I’ve heard Jews refer to fellow MOTs as Larry-David-lox-and-bagel Jews—as if that’s a bad thing. Larry David is awesome, and what’s better than smoked salmon on a toasty bagel? Well, one thing: The No. 19 at Langer’s.
Honestly, much as I enjoyed my two years at The Jewish Journal, nothing made me sadder about leaving than separating myself from that artery-clogging, thick-cut pastrami on rye. (Don’t forget the Swiss cheese and Russian dressing.)
Brace yourselves, New York, because what I am about to write is definitely going to piss a lot of you off, but it needs to be said: Los Angeles has become America’s premier deli city.
Wait ... Stop ... Put the gun down. It’s true.
Across the city’s sprawling acres, there are more delicatessens of a higher quality, on average, than anywhere else in America. Every time I visited one deli, I heard about three more. Despite their healthy image, far more Angelenos than native New Yorkers eat at Jewish delicatessens on a regular basis. Though the occasional tourist swings by, Jewish delicatessens in L.A. are thriving in the present, not trading on fabled pasts.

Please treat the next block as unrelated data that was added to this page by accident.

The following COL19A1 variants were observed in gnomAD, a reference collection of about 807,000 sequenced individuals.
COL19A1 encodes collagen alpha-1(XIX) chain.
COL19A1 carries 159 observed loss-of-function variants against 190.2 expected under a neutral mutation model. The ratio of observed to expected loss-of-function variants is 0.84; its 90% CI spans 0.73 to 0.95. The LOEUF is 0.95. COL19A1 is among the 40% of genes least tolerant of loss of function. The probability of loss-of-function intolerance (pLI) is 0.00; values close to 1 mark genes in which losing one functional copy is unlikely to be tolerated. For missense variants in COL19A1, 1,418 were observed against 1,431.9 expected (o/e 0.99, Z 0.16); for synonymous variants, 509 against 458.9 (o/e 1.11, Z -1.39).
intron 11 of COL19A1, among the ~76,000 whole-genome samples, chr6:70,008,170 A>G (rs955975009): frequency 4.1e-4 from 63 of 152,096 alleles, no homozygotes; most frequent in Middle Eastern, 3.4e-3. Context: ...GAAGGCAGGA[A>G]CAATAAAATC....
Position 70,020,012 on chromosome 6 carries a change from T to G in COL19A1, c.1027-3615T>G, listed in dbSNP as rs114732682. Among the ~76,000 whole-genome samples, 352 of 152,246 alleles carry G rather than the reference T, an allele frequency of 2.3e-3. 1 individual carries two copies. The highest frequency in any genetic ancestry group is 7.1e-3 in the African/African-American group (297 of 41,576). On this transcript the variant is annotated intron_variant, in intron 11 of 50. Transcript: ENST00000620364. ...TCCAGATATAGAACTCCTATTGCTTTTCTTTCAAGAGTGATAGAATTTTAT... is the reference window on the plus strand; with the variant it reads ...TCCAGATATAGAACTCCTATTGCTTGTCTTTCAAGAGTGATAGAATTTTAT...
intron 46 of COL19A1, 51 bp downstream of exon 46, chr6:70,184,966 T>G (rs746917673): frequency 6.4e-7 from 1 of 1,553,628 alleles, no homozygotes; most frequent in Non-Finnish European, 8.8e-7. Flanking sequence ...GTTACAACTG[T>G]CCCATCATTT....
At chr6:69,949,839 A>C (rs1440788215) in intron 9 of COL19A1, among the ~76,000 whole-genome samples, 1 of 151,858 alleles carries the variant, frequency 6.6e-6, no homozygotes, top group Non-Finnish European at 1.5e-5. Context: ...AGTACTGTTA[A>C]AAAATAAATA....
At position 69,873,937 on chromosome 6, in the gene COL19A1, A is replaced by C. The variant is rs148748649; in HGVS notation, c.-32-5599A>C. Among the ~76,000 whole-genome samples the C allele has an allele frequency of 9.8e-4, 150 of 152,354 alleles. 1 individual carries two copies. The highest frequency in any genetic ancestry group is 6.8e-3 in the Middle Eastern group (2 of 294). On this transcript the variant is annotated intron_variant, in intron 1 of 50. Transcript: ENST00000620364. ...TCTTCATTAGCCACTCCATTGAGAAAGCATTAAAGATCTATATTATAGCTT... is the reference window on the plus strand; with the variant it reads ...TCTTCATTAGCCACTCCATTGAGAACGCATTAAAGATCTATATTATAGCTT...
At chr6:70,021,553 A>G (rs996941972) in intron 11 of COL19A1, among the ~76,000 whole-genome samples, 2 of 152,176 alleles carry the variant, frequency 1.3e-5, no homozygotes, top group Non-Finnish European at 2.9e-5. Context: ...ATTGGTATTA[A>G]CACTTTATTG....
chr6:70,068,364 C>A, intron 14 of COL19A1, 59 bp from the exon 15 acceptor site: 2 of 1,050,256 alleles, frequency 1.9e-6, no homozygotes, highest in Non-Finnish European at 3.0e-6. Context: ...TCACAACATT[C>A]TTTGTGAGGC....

There has been no grand decline in the Los Angeles deli scene. Most are packed, sometimes around the clock, and not just with older Brooklynites like Larry King (who eats breakfast at Nate’n Al daily). The delis out there are bigger, are more comfortable, and ultimately serve better food than any other city in America, including the best pastrami sandwich on Earth. Los Angeles is both the exception to the rule of deli’s inevitable decline and the example for the rest of the nation of how deli can ultimately stay relevant. If we are to save the deli elsewhere, we can learn a lot from L.A.
OK, I think that’s going a bit far. I mean, Canter’s leaves a lot to be desired. But we’ve got Langer’s and ... mmmmm ... 4 million pounds of pastrami.